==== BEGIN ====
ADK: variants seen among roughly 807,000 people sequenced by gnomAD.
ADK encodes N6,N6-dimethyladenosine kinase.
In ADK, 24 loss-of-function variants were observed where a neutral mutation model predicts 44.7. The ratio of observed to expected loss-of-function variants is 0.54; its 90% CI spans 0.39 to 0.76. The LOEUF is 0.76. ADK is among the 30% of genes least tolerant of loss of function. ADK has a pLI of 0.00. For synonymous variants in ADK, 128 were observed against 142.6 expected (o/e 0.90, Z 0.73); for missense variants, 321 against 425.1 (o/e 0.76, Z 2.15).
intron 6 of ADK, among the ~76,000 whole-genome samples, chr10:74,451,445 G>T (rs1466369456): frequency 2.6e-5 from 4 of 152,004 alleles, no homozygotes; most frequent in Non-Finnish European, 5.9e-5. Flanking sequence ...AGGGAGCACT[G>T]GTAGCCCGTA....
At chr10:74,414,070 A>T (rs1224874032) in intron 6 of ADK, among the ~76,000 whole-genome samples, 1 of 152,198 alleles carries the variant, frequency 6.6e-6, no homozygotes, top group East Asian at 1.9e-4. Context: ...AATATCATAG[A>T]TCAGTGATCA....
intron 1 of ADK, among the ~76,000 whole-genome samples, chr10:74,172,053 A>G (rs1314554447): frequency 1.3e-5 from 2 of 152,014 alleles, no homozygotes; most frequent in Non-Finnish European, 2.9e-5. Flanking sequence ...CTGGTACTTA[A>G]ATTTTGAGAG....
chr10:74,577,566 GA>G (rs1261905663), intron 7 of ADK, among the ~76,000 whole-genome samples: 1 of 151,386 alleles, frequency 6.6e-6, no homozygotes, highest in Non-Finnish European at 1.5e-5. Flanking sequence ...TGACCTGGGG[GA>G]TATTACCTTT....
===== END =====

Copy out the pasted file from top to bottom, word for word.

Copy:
ADK: variants seen among roughly 807,000 people sequenced by gnomAD.
ADK encodes N6,N6-dimethyladenosine kinase.
In ADK, 24 loss-of-function variants were observed where a neutral mutation model predicts 44.7. The ratio of observed to expected loss-of-function variants is 0.54; its 90% CI spans 0.39 to 0.76. The LOEUF is 0.76. ADK is among the 30% of genes least tolerant of loss of function. ADK has a pLI of 0.00. For synonymous variants in ADK, 128 were observed against 142.6 expected (o/e 0.90, Z 0.73); for missense variants, 321 against 425.1 (o/e 0.76, Z 2.15).
intron 6 of ADK, among the ~76,000 whole-genome samples, chr10:74,451,445 G>T (rs1466369456): frequency 2.6e-5 from 4 of 152,004 alleles, no homozygotes; most frequent in Non-Finnish European, 5.9e-5. Flanking sequence ...AGGGAGCACT[G>T]GTAGCCCGTA....
At chr10:74,414,070 A>T (rs1224874032) in intron 6 of ADK, among the ~76,000 whole-genome samples, 1 of 152,198 alleles carries the variant, frequency 6.6e-6, no homozygotes, top group East Asian at 1.9e-4. Context: ...AATATCATAG[A>T]TCAGTGATCA....
intron 1 of ADK, among the ~76,000 whole-genome samples, chr10:74,172,053 A>G (rs1314554447): frequency 1.3e-5 from 2 of 152,014 alleles, no homozygotes; most frequent in Non-Finnish European, 2.9e-5. Flanking sequence ...CTGGTACTTA[A>G]ATTTTGAGAG....
chr10:74,577,566 GA>G (rs1261905663), intron 7 of ADK, among the ~76,000 whole-genome samples: 1 of 151,386 alleles, frequency 6.6e-6, no homozygotes, highest in Non-Finnish European at 1.5e-5. Flanking sequence ...TGACCTGGGG[GA>G]TATTACCTTT....